Hubby and I went for a spur-of-the-moment drive Sunday that took us south to Cooperstown, New York, “The Home of the Baseball Hall of Fame.” Did our day include anything baseball-related? No, silly… We’re not baseball fans. We like free food so much more.
Our stop included a walk-through of the Fly Creek Cider Mill which has been in existence for as long as I can remember. Why had I not visited there? Did I already mention the free food? Yup, aisles and aisles of gourmet, snacky goodness – many with samples in front just ready to be tasted. And taste I did! Salsas, sauces, dips, chips, popcorn, brickle, fudge, honey, cider products, cheese, muffins, and I’ll say it again, fudge! We walked through the two floor country store perusing all of the fancy foods then went upstairs to look at a humongous amount of crafty, cutsie, country-style knick-knacks. I picked out a few things for upcoming birthdays. No bargain prices here, just a huge selection of quality gifts and very delicious foods. Something for everyone. After we checked out at the cash register we were “funnelled” to the door at the back of the store and as we stepped outside we were pointed directly at the outside deli/bakery/ice cream stand.
Am I writing this to share what a great time we had? Not really, but that’s just a by-product. I wanted to write about the genius of marketing and how some companies have really figured it out. Since I own my own little business I am ALWAYS looking at how successful businesses are run. It is fascinating to me why some companies are so much more successful than others and also how some seem to cover every angle of marketing goods to their customers.
This “little” country store has a genius of a marketing plan. The more I thought about it, the more it seems like they were doing everything right:
Many road signs to get people to turn off of the main drag and go to the Cider Mill.
Many parking spots at the location and across the street. This place was full of people and there were still empty parking spaces.
No admission fees. Just walk in and start perusing the goodies.
A huge variety of foods and gift items for every niche available. Upstairs the gift items included the usual collector niches like birds, apples, bears, angels, camping, hunting, teachers, grandma stuff, Mom stuff, school theme, country towels, oven mitts, signs and more. The foods ranged from sweet to spicy, from fudge to chips and pretzels. Again, something for everyone.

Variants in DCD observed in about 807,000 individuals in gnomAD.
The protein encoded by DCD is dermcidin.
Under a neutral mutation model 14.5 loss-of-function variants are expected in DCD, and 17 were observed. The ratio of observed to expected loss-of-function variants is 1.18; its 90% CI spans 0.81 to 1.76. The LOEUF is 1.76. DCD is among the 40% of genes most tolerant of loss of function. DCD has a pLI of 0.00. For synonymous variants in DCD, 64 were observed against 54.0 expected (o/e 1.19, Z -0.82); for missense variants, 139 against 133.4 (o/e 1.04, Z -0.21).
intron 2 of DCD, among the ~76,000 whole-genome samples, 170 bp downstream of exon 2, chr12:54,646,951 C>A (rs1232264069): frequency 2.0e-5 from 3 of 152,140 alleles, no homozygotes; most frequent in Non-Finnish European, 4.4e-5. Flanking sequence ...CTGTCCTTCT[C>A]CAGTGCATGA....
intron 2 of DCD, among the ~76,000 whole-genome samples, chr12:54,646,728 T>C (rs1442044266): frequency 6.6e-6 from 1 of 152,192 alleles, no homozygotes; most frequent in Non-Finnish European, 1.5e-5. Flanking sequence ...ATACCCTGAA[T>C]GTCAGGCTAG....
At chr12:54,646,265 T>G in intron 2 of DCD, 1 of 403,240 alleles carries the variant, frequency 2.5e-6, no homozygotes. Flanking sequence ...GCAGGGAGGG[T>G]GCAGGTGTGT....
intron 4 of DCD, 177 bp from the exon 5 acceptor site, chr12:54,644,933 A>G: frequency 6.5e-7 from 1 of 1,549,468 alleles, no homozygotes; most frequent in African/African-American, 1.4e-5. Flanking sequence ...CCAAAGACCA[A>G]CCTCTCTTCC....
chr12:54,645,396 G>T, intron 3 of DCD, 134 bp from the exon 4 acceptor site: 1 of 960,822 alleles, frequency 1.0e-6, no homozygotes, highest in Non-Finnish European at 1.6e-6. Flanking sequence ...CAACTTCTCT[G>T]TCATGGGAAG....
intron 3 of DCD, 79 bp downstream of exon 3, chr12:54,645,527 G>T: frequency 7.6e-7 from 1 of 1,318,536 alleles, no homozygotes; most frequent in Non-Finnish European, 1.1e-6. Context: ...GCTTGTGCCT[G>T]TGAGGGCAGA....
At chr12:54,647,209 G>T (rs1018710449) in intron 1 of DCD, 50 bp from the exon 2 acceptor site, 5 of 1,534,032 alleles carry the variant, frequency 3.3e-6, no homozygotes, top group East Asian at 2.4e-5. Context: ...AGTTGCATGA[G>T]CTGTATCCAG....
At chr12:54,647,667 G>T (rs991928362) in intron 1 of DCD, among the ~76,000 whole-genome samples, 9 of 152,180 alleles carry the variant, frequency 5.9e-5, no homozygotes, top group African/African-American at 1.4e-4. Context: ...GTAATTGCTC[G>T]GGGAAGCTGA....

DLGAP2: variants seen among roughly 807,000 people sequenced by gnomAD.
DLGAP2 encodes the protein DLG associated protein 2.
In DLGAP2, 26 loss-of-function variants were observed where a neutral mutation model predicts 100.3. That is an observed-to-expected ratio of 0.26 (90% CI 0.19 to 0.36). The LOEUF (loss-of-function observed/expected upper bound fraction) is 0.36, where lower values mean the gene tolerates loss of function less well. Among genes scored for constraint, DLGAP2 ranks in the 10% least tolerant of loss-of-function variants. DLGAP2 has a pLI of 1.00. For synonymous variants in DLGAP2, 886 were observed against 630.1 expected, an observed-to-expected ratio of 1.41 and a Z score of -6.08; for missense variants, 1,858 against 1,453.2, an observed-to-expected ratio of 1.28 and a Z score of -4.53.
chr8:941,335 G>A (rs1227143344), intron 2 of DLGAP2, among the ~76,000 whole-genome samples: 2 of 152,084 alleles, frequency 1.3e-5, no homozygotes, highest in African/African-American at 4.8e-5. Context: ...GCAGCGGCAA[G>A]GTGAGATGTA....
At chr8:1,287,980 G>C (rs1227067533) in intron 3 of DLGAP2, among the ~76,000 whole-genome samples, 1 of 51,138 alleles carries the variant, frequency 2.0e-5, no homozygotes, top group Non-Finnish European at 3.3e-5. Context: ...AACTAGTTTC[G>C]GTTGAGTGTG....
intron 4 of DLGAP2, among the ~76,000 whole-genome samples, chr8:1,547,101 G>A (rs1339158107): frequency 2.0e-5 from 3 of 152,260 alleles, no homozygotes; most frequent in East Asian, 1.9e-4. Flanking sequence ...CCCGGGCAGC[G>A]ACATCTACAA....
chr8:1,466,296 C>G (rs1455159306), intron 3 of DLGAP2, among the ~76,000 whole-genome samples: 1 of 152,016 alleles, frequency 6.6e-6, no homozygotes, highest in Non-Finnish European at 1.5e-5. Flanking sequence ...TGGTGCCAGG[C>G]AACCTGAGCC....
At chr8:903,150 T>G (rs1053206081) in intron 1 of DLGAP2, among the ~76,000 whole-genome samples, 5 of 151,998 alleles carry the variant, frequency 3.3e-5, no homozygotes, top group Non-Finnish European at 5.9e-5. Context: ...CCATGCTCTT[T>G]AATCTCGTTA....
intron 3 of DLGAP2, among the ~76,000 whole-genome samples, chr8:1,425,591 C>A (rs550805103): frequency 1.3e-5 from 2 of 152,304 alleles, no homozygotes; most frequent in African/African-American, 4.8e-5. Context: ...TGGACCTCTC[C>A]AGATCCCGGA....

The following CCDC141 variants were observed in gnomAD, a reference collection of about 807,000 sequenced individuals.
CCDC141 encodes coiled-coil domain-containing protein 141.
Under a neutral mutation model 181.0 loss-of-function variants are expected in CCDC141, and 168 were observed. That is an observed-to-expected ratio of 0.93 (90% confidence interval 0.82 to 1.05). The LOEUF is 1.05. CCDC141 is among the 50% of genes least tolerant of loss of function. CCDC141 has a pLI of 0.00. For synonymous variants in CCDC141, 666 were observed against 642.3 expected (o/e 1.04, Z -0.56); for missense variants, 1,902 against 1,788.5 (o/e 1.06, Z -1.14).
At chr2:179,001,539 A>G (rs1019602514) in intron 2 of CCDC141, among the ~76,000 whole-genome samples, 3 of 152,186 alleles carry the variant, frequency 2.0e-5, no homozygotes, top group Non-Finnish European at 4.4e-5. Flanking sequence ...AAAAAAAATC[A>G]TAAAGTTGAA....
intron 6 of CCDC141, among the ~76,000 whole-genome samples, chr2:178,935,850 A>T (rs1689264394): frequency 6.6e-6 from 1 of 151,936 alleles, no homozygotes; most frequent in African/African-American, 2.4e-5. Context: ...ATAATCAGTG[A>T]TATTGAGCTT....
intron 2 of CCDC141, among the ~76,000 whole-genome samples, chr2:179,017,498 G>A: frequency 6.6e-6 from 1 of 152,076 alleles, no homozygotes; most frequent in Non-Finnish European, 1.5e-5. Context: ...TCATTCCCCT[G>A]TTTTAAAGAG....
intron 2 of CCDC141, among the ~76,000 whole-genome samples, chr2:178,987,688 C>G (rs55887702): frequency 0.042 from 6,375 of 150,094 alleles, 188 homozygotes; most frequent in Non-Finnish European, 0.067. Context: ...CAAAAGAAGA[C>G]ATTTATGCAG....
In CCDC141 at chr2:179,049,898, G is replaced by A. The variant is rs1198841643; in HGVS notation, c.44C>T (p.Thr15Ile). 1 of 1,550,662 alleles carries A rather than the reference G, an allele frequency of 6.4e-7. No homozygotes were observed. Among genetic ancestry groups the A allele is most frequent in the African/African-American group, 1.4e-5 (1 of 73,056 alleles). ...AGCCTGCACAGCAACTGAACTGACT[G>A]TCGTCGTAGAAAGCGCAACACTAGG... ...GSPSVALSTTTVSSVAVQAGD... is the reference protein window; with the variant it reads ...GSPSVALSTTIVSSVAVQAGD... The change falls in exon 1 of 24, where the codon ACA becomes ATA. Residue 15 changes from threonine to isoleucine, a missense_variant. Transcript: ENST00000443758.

When we cashed out our merchandise the cashier told us about their online store and gave us a coupon for Free Shipping for over $100.00 purchase, a coupon for $2.00 off our next visit to the brick and mortar store, and a 10% off coupon for the snack bar just outside the door.
Just a few steps from the cash register was a complete menu page (that we could take) showing all of the food that we could get at the snack bar AND showed all of the prices.
The whole time we were in the store the workers were very helpful and friendly and were likely to point out a special that was going on in the section you were perusing. (Not in a pushy way either, if you know what I mean.)
As we were driving away, we saw a section to the side for children. It was a maze that they could ride little toy tractors around. It had several wooden boards with the faces cut out so Mom and Dad could take Junior’s picture as he put his face in the painted scenery after he rode his tractor to that stop. Cute!
SCORE! Successes are made by continuous marketing and improvements, not by sitting back and watching and waiting for the money to roll in. Do many businesses know this? You would think so, but we all know that’s not the case.
Did I learn something from this wonderful experience? Absolutely.
1.) Don’t gorge on a variety of free samples that may not combine well.
2.) More importantly, don’t sit back and expect your customers to know all about what great things that you offer. Tell them. Show them.
3.) Sell only quality items.
4.) Let them try the products when possible.
5.) Don’t charge for admission or tack on silly “handling” fees.
6.) Give something free when possible.
7.) Be pleasant and helpful then go away.
8.) Give your buyers your brochures.
9.) Send them away with several reasons to come back.
10.) Direct them to another potential buying opportunity. Cross promote.
We’ve already decided to go back soon (when we don’t have melting groceries in the car.) We want to see the Farmer’s Museum, the Art Museum, do some Lakeview Dining and, of course, make another stop at The Fly Creek Cider Mill. It’s free, we have a coupon, and the chances are good that we’ll want a little snack! Of course we’ll buy something too and then we’ll just sit outside by the pond and feed the geese some corn. (Another nice touch – especially if you’ve got toddlers.)
I obviously highly recommend this attraction if you’re ever in the Cooperstown area. I also invite business owners to give some thoughts about how well your current marketing plan is working. I sure did and some changes will be made.
What changes might your business need? I’d love to hear from you.